All that said, mistakes were made and Meta is eager to write a new chapter. The metaverse is the obvious narrative vector as a successor to social media. But it’s the long-term business rationale that is the real motivator. Reliance on Apple and Google’s smartphone operating systems is becoming a major distribution issue. Shira Ovide, the writer of The Times’s newsletter On Tech, describes the problem well:
It gives Zuckerberg more control over Facebook’s — sorry, Meta’s — future. What Zuckerberg said at the unveiling yesterday is that Facebook has been under the thumb of smartphone developers, mostly Apple, but also Google. The social networking giant has lost some of its authority over the products it creates. Now, it is building a world that it controls. It is the operating system.
Better yet, this from venture capitalist Matt Ball’s excellent 2020 essay on the metaverse:
Even if the Metaverse falls short of the fantastical visions captured by science fiction authors, it is likely to produce trillions in value as a new computing platform or content medium. But in its full vision, the Metaverse becomes the gateway to most digital experiences, a key component of all physical ones, and the next great labor platform.
So it probably makes sense to double down. And few will have the wherewithal to build an on-ramp to metaverse like Meta can. The hardware complexity is immense and will require sustained unprofitable investment. Few if any have the founder commitment, technical sophistication, identity expertise and patience to succeed.
The metaverse will not just be about playing online ping pong with your friends. It really only moves beyond novelty if we figure out a seamless connection between meat and virtual space — how our identity extends online and becomes the basis for a better form of communication and connection than we have now. Meta is investing heavily here — they call this "presence". It’s how identity is manifested in the virtual world — the mapping of gestures and eye movement, how we move and interact, how clothing fits, etc.
We ought to be skeptical of any single company’s ownership of our virtual spaces. When pressed on the issue of “interoperability” Zuck responded: “I think a good vision for the metaverse is not one that a specific company builds, but it has to have the sense of interoperability and portability. You have your avatar and your digital goods, and you want to be able to teleport anywhere. You don’t want to just be stuck within one company’s stuff.”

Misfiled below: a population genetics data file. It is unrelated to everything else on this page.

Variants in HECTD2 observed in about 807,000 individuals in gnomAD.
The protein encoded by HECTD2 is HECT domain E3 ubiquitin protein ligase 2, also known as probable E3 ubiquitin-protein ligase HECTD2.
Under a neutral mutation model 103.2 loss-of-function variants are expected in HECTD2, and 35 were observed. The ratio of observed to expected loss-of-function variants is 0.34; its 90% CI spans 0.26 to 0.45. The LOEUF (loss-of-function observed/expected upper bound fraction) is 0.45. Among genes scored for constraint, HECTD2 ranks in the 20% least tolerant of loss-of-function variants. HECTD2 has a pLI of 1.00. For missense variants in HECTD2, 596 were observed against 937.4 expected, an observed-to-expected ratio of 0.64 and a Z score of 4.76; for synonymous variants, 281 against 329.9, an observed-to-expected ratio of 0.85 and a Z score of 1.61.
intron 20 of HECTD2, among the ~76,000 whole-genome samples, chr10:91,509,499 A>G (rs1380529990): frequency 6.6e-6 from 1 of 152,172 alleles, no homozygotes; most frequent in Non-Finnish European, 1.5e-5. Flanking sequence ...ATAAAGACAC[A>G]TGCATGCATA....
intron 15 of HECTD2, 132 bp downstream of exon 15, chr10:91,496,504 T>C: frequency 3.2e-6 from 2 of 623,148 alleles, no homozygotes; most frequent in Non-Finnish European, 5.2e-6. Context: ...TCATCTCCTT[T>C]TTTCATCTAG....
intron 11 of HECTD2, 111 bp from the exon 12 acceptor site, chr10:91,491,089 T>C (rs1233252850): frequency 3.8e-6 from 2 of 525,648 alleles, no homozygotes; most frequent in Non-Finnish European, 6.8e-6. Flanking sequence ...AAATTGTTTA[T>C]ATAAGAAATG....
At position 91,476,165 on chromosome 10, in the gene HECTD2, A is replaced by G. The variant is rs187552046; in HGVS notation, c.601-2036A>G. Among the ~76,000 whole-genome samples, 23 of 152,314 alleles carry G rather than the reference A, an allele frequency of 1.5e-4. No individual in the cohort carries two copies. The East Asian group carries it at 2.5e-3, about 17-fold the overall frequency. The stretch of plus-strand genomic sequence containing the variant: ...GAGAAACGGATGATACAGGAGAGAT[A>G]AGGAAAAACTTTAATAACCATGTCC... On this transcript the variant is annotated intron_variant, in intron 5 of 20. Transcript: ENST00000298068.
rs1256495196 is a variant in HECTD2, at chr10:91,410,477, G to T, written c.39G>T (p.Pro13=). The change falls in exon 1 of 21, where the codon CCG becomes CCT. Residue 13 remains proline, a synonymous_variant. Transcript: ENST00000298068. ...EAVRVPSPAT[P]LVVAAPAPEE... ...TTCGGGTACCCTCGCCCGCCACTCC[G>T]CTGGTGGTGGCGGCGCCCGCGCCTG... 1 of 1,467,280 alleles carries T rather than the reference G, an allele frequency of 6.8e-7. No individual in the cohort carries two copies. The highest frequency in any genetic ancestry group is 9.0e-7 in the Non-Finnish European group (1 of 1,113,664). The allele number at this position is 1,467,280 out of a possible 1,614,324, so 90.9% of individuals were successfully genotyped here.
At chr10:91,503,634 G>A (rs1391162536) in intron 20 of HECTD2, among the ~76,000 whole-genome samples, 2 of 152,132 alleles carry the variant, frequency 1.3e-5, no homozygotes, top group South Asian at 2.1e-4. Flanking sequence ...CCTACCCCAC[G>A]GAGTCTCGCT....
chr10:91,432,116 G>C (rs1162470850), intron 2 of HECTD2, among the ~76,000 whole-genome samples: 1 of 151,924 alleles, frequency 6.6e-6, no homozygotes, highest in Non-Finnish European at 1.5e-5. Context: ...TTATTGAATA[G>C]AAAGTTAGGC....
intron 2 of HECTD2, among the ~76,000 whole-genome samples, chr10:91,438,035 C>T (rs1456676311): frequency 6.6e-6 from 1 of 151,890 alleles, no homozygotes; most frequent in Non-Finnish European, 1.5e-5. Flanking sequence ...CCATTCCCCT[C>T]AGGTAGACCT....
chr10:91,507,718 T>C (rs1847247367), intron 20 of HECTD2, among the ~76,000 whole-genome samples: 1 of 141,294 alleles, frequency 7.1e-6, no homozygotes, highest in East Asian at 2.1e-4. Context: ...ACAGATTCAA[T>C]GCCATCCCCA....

We do not need to take him at his word. Anything that feels proprietary will be a non-starter this time round. Call me naive but our collective embrace of blockchain’s principles of decentralization and transparency will not be undone by Meta.
It's easy to be dismissive of this stuff, especially if you have spent time wearing an Oculus headset. Hardware is a big challenge but it’s evolving quickly. This will be a ten to twenty year progression — first to AR and mixed reality technologies that begin to map physicality into virtual — like Mesh, recently announced from Microsoft. There are forces pushing this forward beyond technology — the ubiquity of social platforms, gaming's cultural ascendance, a digitally native financial system and the principles embodied in Web 3.0.
And, I don’t think the metaverse is singular — there will be a multitude, each with specific use cases and subcultures. Roblox, Habbo, Fortnight, Axie, Discord are all part of the fabric of the next world. The rise of a digitally native economy via crypto and blockchain is a necessary building block and accelerant. After all, we are going to need virtual wall space for NFTs.
Know that you are already one foot in, you just don't call it the metaverse yet. Consider some of the in-between places. Peleton is a good example. It's a screen and a community and a virtual identity. Here the input device is the bike. Your car is an in-between space where screens are becoming more important than your windshield. Zoom, Teams, Google Meet are all in-between spaces, all adding fidelity in with avatars, directional audio and collaboration spaces. Not to be outdone by Meta, this week Microsoft showed its next vision for Teams, aimed at removing barriers between physical and virtual representation. The metaverse is everywhere. Even Twitter is going meta. Shorty you will be able to connect your crypto wallet to your profile and show off your NFT collection.
All of this goes far beyond gaming. This is about next generation socialization, how we work together, exercise and learn. But popularization will require training wheels. This is where Meta will have an edge — user friendly hardware and the underlying data that connects you and your friends. Even more important will be keeping the metaverse safe and clean — a competency few have at scale. Today Meta has 30,000 people and more than 1000 engineers dedicated to content review and community management. Today’s challenges will pale in comparison to what comes with full immersion. Second Life, a pioneering virtual world is a case study in the challenges of managing human weirdness. "Second Life in a virtual child sex scandal" read a headline in the Guardian 15 years ago.